publication

Long-Term Care


Californians with Medicare and Medi-Cal have many choices to get the health coverage they need, but choices vary by county. This brief outlines available choices across the state and describes the My Care, My Choice web resource.
On June 27, 2019, California Governor Gavin Newsom signed California’s 2019-20 budget. The budget reflects new program investments for older adults and people with disabilities, including staff resources for the state’s Master Plan for Aging.
On May 9, 2019, California Governor Gavin Newsom released the May Revision of the 2019-20 budget. The revision includes modest program changes that impact services for older adults and people with disabilities, including staff resources for the state’s Master Plan for Aging.
The Blueprint for Health Plans (Executive Summary) highlights successful partnerships for delivering social services and helps identify future opportunities.
The integration of community-based organizations (CBOs) into health plan networks, on both a formal and informal basis, can help meet the needs of older adults with complex medical and social needs. The Blueprint for Health Plans (Full Report) highlights successful partnerships for delivering social services and helps identify future opportunities.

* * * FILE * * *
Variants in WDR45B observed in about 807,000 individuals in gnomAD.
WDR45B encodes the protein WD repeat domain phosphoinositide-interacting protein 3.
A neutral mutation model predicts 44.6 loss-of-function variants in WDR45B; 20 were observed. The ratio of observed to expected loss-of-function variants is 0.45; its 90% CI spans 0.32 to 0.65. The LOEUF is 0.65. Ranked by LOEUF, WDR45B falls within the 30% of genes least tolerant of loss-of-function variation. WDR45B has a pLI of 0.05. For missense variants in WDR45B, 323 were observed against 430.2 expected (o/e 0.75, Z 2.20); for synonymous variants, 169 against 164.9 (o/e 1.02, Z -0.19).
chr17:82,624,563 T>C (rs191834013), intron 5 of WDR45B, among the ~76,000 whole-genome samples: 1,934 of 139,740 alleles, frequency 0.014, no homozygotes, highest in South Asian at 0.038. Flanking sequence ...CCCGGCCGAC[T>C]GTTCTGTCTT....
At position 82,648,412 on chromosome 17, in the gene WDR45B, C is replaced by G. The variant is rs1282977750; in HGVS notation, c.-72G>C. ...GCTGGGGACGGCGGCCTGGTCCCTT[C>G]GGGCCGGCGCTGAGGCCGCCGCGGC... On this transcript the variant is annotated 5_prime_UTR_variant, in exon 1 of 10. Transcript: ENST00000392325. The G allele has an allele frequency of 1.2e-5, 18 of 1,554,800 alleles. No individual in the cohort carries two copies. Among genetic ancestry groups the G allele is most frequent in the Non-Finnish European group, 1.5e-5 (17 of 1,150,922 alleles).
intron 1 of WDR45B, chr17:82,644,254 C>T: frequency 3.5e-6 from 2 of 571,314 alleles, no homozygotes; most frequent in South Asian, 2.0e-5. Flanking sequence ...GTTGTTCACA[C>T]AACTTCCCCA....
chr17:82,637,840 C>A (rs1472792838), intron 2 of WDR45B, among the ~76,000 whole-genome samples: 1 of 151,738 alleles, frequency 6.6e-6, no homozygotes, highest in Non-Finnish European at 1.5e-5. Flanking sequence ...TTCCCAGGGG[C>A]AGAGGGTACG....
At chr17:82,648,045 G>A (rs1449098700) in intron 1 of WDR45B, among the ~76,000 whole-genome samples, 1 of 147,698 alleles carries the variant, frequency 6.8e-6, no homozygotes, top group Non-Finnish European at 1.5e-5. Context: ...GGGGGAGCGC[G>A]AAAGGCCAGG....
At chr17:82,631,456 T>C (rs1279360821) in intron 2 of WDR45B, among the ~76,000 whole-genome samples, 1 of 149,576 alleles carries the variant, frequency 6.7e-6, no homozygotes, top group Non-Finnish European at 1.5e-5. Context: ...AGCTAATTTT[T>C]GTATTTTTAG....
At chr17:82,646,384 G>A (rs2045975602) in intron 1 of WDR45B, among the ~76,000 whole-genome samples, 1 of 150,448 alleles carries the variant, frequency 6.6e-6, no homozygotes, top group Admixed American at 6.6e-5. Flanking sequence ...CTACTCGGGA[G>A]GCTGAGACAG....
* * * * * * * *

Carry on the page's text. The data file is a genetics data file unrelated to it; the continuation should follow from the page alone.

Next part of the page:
On January 10, 2019, Governor Gavin Newsom released the 2019-20 proposed budget. Learn which modest program changes would impact services for older adults and people with disabilities.
Drawing from four years of Cal MediConnect evaluation results, this brief highlights recommendations for policymakers and health plans to consider in improving integrated systems of care for people with Medicare and Medicaid.
On June 27, 2018, Governor Brown signed California’s 2018-2019 budget. In this fact sheet, read a summary of budget items impacting older adults and people with disabilities.